Happy Sunday everyone. This morning we're talking with our colleague Kristen Graham about an annual tradition happening right now in Philly schools that causes a lot of angst amongst teachers, students, and parents. Plus, your look ahead at this week includes what happens now that Judge Brett Kavanaugh has been confirmed, a note about your taxes and more. Let's dive in.
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Each week we'll go behind the scenes with one of our reporters to learn how they reported their latest story and the challenges they faced along the way. This week, reporter Kristen Graham explains the process of leveling, a tactic that many school districts throughout the country have abolished, but one Philly teachers and students are all too familiar with.
For those who have never heard of it, what is "leveling"? What should parents know about it?
Leveling is essentially the process of switching teachers' schools — a month into the school year — based on enrollment. Teachers are allocated based on projected enrollment, which the district calculates in the spring. Parents: if your child does not attend schools in Philadelphia, you don't need to worry about it. If they're students in the Philadelphia School District, however, it's possible that the teacher they meet on the first day of school may not be their teacher in October.
Why has this practice persisted in Philly schools when other districts around the region and country have done away with it?
Some large city school systems level; others have stopped it or amended the process so staff changes happen in the summer, not a month after school begins. Philadelphia schools say the reasons for leveling are layered — it's about money (it would cost about $12 million to leave under-enrolled schools as-is and just hire extra teachers for the crowded schools) and it's also, officials said, about equity. That is, without leveling, some schools might have classes of 10 students and others would be over 30. That said, no suburban districts, even the large ones, use the practice.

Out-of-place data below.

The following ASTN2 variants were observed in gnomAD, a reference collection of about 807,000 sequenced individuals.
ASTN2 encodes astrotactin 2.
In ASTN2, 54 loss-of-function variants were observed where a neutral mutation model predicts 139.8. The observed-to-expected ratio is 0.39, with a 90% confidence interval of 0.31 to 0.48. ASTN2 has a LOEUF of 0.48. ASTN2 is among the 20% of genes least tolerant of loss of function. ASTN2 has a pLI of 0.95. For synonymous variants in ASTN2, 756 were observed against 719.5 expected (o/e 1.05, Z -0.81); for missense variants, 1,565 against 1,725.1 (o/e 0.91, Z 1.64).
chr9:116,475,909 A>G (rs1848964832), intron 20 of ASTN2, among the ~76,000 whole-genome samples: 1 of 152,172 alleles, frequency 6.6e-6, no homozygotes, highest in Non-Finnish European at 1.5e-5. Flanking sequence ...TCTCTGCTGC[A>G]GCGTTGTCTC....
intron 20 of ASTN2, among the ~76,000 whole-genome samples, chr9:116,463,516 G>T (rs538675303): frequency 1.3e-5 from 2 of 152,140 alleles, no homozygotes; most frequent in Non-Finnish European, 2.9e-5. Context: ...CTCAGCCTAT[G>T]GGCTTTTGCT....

How do Philly teachers that you've spoken with feel about "leveling" and its impact on students?
In a decade of covering Philadelphia schools, I have yet to find one person who likes leveling. Seriously — not one. To be fair, the administration isn't super fond of it either, but they call it a necessary process. Keiko Glover, a parent at Kearney Elementary in Northern Liberties, took her concerns to the school board. Her daughter's school has lost teachers in leveling for each of the last four years; it's October, and her first-grader just met a new teacher. "These are students' lives, not numbers on a balance sheet." Cindy Farlino, a retired district principal and teacher, said she dreaded leveling. "I remember the chaos of both adding and taking away teachers," Farlino said. "The impact is not just a money impact, but really delays the academic process of the school year."
Since your report, is the school district looking to make any changes when it comes to "leveling"?
The school board's finance and facilities committee heard a report on leveling a few days after my story ran. Final numbers? 118 Philly schools were affected by leveling, with 101 teachers moved. The schools most affected were Mitchell, Cooke, Lowell and George Washington (gained staff) and Martin Luther King, Lincoln, Overbrook High and Lamberton (lost staff.) No changes are planned at the moment, but school staff said they were constantly looking to refine the process, and if changes are to be made, they'll be made at budget time, in the spring.
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